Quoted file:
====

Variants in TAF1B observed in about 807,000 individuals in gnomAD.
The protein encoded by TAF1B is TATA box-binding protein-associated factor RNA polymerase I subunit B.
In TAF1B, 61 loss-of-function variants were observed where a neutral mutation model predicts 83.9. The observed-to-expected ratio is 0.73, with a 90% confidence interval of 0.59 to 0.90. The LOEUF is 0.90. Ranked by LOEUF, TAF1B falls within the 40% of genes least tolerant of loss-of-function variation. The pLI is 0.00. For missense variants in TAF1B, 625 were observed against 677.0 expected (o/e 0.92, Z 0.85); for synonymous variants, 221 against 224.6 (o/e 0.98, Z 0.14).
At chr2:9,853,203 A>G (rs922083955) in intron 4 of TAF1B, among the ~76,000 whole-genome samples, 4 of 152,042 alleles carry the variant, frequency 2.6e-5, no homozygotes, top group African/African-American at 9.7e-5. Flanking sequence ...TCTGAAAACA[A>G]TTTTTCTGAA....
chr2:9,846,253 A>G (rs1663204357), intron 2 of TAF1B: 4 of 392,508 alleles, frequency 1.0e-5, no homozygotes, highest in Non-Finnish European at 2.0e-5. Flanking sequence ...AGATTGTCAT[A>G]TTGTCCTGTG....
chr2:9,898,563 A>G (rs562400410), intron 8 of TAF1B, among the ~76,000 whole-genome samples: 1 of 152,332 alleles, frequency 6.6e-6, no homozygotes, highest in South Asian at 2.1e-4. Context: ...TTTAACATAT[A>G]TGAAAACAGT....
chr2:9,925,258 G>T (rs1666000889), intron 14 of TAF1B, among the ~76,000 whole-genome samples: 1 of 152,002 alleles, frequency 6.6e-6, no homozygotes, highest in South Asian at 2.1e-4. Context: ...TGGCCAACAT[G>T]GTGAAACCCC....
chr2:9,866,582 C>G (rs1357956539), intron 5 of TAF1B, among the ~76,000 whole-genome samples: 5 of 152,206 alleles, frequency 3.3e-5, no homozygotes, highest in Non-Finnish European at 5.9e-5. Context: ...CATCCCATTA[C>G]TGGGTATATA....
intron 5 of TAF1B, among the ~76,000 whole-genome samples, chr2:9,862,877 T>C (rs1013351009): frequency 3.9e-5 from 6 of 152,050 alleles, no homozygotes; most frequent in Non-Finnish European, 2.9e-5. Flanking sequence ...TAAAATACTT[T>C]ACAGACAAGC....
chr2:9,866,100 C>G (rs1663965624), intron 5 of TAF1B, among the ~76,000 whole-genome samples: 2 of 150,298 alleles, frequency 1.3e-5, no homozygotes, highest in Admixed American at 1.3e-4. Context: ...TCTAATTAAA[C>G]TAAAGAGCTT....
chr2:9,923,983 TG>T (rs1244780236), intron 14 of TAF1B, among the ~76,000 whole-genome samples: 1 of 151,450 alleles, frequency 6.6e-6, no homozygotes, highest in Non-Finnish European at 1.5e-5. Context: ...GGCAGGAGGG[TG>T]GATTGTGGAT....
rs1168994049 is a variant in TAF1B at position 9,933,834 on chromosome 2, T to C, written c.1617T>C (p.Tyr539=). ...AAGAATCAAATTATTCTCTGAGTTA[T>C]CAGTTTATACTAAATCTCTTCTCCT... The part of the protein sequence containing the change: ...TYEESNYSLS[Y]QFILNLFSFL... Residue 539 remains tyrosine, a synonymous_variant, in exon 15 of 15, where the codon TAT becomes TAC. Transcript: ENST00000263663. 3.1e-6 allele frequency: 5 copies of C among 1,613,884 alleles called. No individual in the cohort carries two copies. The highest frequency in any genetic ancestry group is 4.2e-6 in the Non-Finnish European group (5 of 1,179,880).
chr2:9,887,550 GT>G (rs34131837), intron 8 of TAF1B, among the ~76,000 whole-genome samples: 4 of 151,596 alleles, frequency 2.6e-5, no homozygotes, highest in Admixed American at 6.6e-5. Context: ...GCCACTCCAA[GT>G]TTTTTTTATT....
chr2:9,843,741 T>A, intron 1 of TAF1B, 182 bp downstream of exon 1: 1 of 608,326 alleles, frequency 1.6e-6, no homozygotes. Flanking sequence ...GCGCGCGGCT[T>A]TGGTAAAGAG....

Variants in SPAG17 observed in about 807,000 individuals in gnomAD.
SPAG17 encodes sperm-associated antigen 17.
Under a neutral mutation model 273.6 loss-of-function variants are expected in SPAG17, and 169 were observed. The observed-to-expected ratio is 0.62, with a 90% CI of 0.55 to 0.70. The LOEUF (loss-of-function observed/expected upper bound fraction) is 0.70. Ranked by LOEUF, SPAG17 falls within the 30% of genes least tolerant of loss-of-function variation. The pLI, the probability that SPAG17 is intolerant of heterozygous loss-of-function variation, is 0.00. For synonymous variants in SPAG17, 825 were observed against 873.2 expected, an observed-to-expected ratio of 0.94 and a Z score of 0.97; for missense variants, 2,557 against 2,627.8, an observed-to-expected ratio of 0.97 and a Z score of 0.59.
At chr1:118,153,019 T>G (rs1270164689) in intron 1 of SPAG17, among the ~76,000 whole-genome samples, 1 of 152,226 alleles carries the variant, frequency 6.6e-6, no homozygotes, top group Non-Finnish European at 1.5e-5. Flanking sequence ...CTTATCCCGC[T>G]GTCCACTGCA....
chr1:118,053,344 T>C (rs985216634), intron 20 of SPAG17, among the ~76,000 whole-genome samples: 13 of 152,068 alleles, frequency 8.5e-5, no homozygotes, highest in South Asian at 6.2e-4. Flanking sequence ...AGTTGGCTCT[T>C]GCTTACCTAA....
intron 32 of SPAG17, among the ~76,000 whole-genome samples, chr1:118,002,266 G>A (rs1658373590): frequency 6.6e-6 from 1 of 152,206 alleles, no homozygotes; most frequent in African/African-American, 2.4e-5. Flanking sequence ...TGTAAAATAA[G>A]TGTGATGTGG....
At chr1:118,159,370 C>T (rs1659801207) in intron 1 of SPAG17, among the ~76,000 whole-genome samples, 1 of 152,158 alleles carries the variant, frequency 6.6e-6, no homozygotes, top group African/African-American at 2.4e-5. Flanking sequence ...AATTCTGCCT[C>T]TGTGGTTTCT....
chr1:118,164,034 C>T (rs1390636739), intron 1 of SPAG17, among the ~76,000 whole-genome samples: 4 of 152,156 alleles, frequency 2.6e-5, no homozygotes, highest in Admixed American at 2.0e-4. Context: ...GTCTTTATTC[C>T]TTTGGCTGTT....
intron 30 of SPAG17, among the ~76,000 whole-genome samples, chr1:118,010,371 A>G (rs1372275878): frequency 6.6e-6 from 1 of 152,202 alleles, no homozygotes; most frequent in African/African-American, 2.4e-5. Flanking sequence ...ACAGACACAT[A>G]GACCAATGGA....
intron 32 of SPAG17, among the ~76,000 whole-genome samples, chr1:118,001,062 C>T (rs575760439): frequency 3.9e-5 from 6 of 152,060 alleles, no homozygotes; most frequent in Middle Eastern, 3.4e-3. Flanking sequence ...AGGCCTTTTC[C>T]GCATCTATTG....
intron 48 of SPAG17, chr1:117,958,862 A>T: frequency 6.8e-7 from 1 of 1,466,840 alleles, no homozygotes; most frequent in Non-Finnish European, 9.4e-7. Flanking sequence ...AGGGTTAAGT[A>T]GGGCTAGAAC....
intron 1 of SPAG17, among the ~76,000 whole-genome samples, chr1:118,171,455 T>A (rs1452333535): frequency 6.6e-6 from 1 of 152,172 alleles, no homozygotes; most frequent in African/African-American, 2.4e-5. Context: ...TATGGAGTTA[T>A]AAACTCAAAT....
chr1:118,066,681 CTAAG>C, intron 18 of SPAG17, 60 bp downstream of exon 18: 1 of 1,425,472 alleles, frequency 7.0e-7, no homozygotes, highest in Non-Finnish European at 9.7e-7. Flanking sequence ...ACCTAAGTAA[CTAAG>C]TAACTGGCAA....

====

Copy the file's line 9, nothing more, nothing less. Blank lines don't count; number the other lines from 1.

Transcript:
intron 5 of TAF1B, among the ~76,000 whole-genome samples, chr2:9,862,877 T>C (rs1013351009): frequency 3.9e-5 from 6 of 152,050 alleles, no homozygotes; most frequent in Non-Finnish European, 2.9e-5. Flanking sequence ...TAAAATACTT[T>C]ACAGACAAGC....